Stark Bros. Co. v. Stark,
Annotate this Case
255 U.S. 50 (1921)
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U.S. Supreme Court
Stark Bros. Co. v. Stark, 255 U.S. 50 (1921)
Stark Bros. Nurseries & Orchards Company v. Stark
Argued January 21, 1921
Decided January 31, 1921
255 U.S. 50
CERTIORARI TO THE CIRCUIT COURT OF APPEALS
FOR THE EIGHTH CIRCUIT
1. The damages recoverable under the Trade-Mark Act for infringement of a registered trademark are limited to those inflicted after the registration, and, if the notice of registration has not been attached to the mark as prescribed by the act (§ 28), to those arising after the defendant was notified of infringement. P. 255 U. S. 52.
2. Where the action arises wholly under the Trade-Mark Act, diversity of citizenship being absent, the district court is without jurisdiction to require an accounting for profits resulting from unfair competition before the registration, or (semble) before the notice conditioning liability to damages, ut supra. Id.
257 F. 9 affirmed.
The case is stated in the opinion.
MR. JUSTICE HOLMES delivered the opinion of the Court.
This is a suit brought September 11, 1916, in the district court of the United States by the petitioner, a Missouri corporation, against citizens of Missouri, for an infringement of a trademark, "Stark Trees," registered under the Act of Congress of February 20, 1905, c. 592, 33 Stat. 724, and amendments. The district court found infringement and unfair competition, granted an injunction, and made a decree for an account of profits from March 11, 1914, when the infringement began, limiting the damages, however, to those suffered after August 26, 1916, that being the date when the plaintiff gave the defendant notice of the registration of the mark. The circuit court of appeals concurred with the district court as to the facts, but limited the account as well as the damages to the date when notice was given of the registered mark, a few days before the bringing of this suit. 248 F. 154; Stark v. Stark Bros. Nurseries & Orchards Co., 257 F. 9. This limitation is the only question here.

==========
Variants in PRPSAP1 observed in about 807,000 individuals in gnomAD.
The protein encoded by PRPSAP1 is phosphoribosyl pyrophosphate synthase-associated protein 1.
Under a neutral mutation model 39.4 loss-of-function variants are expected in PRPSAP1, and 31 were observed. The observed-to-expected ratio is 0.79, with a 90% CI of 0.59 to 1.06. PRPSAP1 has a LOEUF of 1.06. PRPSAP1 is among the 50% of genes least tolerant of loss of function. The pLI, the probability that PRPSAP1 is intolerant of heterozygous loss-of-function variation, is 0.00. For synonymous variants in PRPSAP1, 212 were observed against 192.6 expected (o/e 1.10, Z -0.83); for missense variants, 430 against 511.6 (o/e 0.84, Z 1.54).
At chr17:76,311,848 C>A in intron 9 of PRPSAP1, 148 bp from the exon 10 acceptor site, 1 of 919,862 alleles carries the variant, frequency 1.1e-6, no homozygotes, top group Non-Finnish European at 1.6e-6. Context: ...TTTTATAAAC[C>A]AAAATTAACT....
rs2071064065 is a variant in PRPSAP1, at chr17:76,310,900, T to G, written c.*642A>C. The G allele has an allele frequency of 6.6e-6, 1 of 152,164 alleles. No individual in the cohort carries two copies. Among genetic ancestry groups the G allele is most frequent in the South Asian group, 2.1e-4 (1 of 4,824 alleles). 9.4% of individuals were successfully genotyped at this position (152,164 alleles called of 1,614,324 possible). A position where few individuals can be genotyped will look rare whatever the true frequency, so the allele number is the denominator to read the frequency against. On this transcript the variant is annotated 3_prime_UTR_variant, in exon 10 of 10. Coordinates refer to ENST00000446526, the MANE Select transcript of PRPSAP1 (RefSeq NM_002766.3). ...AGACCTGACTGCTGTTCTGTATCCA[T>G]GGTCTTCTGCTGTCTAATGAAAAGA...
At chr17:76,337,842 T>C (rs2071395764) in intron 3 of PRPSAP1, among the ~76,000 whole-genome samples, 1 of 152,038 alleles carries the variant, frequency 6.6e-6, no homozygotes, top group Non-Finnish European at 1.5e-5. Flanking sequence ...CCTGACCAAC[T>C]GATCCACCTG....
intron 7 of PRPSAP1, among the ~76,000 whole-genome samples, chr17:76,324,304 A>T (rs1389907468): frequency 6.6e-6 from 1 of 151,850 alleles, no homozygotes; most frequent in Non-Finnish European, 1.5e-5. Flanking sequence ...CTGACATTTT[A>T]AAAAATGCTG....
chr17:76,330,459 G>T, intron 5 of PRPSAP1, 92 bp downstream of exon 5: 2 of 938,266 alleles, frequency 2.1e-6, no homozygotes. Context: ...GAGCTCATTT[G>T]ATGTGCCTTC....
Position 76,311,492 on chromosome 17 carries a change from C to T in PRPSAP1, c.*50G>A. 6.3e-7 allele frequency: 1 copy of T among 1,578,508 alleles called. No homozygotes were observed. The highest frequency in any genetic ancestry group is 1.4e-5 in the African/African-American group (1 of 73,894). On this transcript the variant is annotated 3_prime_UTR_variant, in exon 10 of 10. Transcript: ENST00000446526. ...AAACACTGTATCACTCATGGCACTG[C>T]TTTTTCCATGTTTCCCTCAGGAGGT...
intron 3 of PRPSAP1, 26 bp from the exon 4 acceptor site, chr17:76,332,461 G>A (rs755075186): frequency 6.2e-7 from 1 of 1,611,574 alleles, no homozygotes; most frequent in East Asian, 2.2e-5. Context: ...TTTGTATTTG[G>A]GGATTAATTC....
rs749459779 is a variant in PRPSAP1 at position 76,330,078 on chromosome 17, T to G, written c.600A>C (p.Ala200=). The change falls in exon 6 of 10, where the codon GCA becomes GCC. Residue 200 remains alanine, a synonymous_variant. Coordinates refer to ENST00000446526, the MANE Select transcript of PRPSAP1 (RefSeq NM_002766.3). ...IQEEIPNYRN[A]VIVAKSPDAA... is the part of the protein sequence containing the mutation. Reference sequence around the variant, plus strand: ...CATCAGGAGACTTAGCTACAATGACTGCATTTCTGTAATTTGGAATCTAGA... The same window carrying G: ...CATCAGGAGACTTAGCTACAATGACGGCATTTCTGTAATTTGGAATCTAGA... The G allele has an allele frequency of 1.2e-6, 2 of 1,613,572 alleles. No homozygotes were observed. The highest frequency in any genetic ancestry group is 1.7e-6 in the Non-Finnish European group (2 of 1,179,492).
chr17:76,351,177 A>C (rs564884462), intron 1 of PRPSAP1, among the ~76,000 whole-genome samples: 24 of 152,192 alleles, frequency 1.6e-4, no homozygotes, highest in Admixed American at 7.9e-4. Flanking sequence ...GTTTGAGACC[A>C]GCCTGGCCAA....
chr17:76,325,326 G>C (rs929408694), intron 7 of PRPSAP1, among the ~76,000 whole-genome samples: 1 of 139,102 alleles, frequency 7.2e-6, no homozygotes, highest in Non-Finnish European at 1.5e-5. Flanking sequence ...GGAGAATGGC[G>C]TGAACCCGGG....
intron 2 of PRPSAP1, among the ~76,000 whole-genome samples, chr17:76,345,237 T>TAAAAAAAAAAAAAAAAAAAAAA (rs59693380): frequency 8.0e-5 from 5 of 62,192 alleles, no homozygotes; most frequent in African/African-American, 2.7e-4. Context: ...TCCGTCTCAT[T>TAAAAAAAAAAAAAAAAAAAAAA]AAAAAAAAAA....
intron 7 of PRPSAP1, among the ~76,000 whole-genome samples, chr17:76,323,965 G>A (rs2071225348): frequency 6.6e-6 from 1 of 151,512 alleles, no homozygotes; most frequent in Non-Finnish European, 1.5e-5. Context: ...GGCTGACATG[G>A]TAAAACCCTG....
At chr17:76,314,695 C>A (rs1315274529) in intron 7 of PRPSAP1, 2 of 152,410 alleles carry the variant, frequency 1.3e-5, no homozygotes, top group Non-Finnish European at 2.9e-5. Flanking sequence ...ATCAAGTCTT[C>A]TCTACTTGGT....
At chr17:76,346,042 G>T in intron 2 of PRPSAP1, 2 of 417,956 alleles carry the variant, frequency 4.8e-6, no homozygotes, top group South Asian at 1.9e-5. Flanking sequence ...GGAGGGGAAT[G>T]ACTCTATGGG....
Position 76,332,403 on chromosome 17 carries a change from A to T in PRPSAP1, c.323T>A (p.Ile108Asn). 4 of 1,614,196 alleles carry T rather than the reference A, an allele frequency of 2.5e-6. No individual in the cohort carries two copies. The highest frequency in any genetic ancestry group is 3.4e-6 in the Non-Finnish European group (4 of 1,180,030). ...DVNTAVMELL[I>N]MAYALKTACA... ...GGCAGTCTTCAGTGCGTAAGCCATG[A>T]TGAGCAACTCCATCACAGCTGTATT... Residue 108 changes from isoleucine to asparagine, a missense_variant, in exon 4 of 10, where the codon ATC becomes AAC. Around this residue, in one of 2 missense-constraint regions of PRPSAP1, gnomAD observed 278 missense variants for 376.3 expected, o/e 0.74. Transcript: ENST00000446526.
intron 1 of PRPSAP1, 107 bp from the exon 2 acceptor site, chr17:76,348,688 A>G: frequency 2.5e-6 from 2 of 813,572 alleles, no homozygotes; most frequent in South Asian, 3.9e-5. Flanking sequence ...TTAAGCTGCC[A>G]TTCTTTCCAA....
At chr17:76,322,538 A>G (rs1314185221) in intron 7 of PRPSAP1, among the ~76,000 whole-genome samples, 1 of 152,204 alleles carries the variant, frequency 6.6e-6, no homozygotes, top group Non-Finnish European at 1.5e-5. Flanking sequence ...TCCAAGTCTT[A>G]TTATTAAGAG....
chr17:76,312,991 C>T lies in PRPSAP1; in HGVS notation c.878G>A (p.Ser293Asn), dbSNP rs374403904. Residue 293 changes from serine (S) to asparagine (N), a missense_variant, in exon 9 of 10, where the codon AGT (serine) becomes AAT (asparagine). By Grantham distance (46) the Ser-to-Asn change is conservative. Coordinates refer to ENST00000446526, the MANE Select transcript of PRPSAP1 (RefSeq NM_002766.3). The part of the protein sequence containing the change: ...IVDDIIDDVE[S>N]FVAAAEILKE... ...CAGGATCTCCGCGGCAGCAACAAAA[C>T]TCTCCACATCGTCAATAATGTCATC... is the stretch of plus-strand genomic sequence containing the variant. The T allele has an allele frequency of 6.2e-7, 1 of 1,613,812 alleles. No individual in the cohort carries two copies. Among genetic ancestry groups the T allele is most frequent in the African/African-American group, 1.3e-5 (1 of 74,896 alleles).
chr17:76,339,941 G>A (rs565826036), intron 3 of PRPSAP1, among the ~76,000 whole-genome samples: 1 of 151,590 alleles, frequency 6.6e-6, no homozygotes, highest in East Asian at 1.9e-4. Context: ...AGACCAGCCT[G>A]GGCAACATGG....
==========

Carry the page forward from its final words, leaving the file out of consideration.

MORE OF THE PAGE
By § 28 of the Trade-Mark Act, it is made the duty of the registrant to give notice to the public by attaching certain specified words or abbreviations to the trademark or to the receptacle wherein the article is enclosed,
"and in any suit for infringement by a party failing so to give notice of registration, no damages shall be recovered except on proof that the defendant was duly notified of infringement and continued the same after such notice."
33 Stat. 730. The infringement that is sued for is infringement of a registered trademark, not infringement
of a trademark. That is the plain meaning of the above words and the necessary scope of this suit, since that is the scope of the jurisdiction of the district court. A. Lescher & Sons Rope Co. v. Broderick & Bascom Rope Co., 201 U. S. 166, 201 U. S. 172. It seems very plain that the plaintiff had a cause of action outside the statute, but that would have to be asserted elsewhere, as the suit was between citizens of the same state. The statute alone gave the right to come into this Court of the United States. Coming in to assert its statutory rights, we will assume in the plaintiff's favor that it could recover for unfair competition that was inseparable from the statutory wrong, but it could not reach back and recover for earlier injuries to rights derived from a different source.
The plaintiff argues that a notice of March 11, 1914, calling on the defendants "to discontinue the unfair competition and infringement on our rights," coupled with the willful character of the defendants' wrongdoing, ought to lead to a different result, and the district judge seems to have had a similar notion. But that is to forget the origin and necessary limit of the jurisdiction in this case.